Canadian Forest Service Publications
Source of growth variability in interior Douglas-fir. 1991. Bonnor, G.M.; de Jong, R.; Boudewyn, P.A. Forestry Canada, Pacific Forestry Centre, Victoria, BC. Information Report BC-X-328. 17 p.
Issued by: Pacific Forestry Centre
Catalog ID: 3109
Availability: PDF (download)
To assess the growth of the uneven-aged stands of Douglas-fir in the Interior Douglas-fir zone of British Columbia, and the factors influencing the growth, data from 92 permanent sample plots were obtained. Volumes ranged from 3 to 496 m3/ha, with a mean of 94 m3/ha. Annual growth rates varied from -1.8 to 9.5 m3/ha, with a mean of 3.3 m3/ha. Factors included in the analysis were the following: harvesting method (three classes), biogeoclimatic subzone (two classes), time since harvest, and the stand variables of trees per ha, basal area per ha, and quadratic mean diameter. Statistical analyses and visual examinations of scattergrams were applied to plot data compiled according to two utilization limits: trees with a diameter of 9.1 cm and larger, and trees with a diameter of 17.5 cm and larger.
For the 9.1-cm utilization limit data, results of analyses of covariance indicated significant differences among harvesting methods and biogeoclimatic subzones. The data were accordingly divided into four groups with statistically significant differences. A volume growth equation was next derived for each group using the stand variables as independent variables. For two groups (stands harvested using the diameter limit method, and unharvested stands in the dk biogeoclimatic subzone), the number of trees per ha was statistically significant while for a third group (unharvested stands in the xh biogeoclimatic subzone), the number of trees per ha as well as quadratic mean diameter were significant. Another group (stands harvested using the faller's selection method) had no significant independent variables. Considering this result, and since the data base for the faller's selection method included only nine plots with considerable variability in volume growth, this method was excluded from further analysis.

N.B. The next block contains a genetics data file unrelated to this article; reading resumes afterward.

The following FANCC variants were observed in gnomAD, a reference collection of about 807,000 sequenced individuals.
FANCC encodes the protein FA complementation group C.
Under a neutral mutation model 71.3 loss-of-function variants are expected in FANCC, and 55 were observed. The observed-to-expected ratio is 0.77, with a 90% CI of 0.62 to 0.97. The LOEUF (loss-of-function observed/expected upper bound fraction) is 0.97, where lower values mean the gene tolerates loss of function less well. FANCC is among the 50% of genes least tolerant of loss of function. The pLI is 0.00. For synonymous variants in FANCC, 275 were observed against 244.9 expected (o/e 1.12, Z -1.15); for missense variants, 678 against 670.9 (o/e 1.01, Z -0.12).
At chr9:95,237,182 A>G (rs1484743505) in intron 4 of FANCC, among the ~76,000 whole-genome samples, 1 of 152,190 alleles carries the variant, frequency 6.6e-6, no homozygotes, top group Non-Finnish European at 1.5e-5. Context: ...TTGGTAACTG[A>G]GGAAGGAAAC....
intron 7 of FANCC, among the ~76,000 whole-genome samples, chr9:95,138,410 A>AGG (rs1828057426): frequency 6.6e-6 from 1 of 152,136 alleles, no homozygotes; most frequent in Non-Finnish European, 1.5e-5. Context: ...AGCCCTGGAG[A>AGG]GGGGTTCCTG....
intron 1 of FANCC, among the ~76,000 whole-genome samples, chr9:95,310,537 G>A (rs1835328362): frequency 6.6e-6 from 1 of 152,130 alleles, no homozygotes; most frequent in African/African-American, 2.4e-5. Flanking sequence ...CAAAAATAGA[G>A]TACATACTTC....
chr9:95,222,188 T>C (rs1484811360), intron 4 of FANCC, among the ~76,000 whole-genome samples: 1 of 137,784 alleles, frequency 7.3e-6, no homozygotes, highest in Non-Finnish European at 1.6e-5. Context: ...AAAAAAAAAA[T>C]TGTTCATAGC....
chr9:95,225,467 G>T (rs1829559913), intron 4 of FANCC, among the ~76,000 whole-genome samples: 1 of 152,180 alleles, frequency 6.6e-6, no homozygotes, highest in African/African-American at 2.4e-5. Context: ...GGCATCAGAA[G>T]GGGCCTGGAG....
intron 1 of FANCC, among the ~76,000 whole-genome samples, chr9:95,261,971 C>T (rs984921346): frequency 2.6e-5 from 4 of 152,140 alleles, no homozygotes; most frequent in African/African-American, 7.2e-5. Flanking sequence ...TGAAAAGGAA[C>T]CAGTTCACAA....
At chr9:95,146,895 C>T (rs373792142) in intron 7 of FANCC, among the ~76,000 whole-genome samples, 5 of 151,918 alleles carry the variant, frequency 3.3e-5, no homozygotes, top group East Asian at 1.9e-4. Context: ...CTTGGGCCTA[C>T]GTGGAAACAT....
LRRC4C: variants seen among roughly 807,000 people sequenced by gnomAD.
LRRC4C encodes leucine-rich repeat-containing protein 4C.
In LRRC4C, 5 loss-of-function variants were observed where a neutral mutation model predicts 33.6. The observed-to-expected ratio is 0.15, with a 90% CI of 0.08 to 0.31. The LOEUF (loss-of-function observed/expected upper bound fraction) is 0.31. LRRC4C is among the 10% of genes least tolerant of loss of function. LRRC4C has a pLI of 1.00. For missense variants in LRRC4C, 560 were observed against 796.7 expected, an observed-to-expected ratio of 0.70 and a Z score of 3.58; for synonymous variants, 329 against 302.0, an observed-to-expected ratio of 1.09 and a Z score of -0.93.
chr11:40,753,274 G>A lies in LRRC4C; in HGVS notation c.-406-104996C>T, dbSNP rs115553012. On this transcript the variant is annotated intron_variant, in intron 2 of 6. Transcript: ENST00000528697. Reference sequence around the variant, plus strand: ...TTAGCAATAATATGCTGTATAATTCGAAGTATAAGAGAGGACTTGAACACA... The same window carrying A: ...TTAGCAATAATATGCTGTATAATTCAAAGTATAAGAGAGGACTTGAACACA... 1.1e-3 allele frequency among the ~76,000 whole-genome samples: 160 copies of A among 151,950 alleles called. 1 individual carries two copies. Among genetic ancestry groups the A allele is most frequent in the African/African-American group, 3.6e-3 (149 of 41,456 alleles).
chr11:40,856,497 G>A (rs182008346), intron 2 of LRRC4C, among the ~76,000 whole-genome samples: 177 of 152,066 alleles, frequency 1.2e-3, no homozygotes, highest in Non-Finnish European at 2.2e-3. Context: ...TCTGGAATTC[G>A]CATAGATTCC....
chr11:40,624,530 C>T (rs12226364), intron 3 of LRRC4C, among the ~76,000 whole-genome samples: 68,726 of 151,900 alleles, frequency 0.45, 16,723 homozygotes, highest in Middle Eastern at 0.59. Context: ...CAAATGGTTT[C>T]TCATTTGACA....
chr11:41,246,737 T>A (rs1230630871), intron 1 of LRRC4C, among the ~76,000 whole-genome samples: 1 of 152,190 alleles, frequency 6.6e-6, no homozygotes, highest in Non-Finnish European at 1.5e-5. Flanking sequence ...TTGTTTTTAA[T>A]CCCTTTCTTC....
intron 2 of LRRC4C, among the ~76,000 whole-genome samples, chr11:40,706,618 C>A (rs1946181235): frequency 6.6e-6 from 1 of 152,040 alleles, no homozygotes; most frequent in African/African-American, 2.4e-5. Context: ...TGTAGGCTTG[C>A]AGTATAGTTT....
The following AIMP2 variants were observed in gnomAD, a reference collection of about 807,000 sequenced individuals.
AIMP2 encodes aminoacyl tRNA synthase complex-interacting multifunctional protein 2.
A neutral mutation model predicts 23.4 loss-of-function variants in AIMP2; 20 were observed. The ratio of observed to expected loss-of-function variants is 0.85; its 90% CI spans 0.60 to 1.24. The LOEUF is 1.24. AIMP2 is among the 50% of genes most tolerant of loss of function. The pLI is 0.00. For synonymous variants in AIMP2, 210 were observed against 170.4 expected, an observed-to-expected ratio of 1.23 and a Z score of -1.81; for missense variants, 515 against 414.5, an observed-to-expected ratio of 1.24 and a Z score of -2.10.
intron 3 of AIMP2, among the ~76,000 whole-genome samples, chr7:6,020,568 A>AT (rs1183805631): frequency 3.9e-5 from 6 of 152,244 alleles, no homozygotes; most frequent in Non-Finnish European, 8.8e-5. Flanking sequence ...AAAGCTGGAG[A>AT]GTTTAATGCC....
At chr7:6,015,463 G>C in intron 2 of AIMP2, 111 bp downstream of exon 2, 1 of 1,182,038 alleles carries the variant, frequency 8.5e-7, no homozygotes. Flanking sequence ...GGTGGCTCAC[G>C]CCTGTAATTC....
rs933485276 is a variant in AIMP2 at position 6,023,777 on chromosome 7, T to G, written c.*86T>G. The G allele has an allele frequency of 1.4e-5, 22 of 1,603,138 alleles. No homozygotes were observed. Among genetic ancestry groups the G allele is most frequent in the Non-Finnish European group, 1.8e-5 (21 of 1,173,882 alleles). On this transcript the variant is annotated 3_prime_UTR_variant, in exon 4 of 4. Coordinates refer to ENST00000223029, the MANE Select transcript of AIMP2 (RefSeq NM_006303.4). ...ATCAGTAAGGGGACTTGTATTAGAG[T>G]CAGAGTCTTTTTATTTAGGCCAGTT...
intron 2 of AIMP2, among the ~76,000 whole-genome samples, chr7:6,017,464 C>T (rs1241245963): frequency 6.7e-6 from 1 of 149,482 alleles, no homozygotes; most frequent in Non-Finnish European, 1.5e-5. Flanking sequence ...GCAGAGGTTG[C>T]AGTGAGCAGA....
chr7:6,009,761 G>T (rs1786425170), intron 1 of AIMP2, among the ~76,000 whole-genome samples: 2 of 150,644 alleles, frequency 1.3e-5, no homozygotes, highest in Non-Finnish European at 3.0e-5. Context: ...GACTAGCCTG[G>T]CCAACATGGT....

For the 17.5-cm utilization limit data, only three groups had statistically significant differences. One of these groups, stands harvested using the faller's selection method, was subsequently excluded from further analysis for the reasons stated above. For the remaining two groups (stands harvested using the diameter limit method, and unharvested stands), only the number of trees per ha was statistically significant.
While some trends are apparent, they are not well defined and the accuracy of the growth predictions is low; this result is attributed to deficiencies in the data and to natural variability within stands in the interior Douglas-fir zone.